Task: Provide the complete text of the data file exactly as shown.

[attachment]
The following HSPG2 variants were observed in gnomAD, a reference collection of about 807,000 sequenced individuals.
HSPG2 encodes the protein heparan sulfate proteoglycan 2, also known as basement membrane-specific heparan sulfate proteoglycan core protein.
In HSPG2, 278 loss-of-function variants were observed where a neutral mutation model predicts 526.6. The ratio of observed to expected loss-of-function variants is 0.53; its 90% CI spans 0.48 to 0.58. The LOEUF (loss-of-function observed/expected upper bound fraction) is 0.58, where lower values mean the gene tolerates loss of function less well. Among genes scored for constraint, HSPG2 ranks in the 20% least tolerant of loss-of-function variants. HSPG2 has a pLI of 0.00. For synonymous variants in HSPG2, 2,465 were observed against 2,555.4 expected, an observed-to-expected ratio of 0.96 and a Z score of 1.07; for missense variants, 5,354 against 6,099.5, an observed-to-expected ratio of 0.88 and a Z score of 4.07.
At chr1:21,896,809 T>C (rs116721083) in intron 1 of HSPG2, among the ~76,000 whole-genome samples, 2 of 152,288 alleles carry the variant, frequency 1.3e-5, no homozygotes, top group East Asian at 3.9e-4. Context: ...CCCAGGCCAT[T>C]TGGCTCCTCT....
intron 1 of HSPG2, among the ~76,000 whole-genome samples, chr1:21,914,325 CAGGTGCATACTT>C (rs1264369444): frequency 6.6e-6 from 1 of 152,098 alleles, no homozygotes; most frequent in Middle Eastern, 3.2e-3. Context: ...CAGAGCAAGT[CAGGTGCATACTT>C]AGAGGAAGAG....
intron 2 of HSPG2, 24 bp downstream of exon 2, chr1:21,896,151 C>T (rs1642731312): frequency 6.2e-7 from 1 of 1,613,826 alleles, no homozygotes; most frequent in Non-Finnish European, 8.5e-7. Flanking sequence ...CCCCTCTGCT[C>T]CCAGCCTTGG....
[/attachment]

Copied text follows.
The following HSPG2 variants were observed in gnomAD, a reference collection of about 807,000 sequenced individuals.
HSPG2 encodes the protein heparan sulfate proteoglycan 2, also known as basement membrane-specific heparan sulfate proteoglycan core protein.
In HSPG2, 278 loss-of-function variants were observed where a neutral mutation model predicts 526.6. The ratio of observed to expected loss-of-function variants is 0.53; its 90% CI spans 0.48 to 0.58. The LOEUF (loss-of-function observed/expected upper bound fraction) is 0.58, where lower values mean the gene tolerates loss of function less well. Among genes scored for constraint, HSPG2 ranks in the 20% least tolerant of loss-of-function variants. HSPG2 has a pLI of 0.00. For synonymous variants in HSPG2, 2,465 were observed against 2,555.4 expected, an observed-to-expected ratio of 0.96 and a Z score of 1.07; for missense variants, 5,354 against 6,099.5, an observed-to-expected ratio of 0.88 and a Z score of 4.07.
At chr1:21,896,809 T>C (rs116721083) in intron 1 of HSPG2, among the ~76,000 whole-genome samples, 2 of 152,288 alleles carry the variant, frequency 1.3e-5, no homozygotes, top group East Asian at 3.9e-4. Context: ...CCCAGGCCAT[T>C]TGGCTCCTCT....
intron 1 of HSPG2, among the ~76,000 whole-genome samples, chr1:21,914,325 CAGGTGCATACTT>C (rs1264369444): frequency 6.6e-6 from 1 of 152,098 alleles, no homozygotes; most frequent in Middle Eastern, 3.2e-3. Context: ...CAGAGCAAGT[CAGGTGCATACTT>C]AGAGGAAGAG....
intron 2 of HSPG2, 24 bp downstream of exon 2, chr1:21,896,151 C>T (rs1642731312): frequency 6.2e-7 from 1 of 1,613,826 alleles, no homozygotes; most frequent in Non-Finnish European, 8.5e-7. Flanking sequence ...CCCCTCTGCT[C>T]CCAGCCTTGG....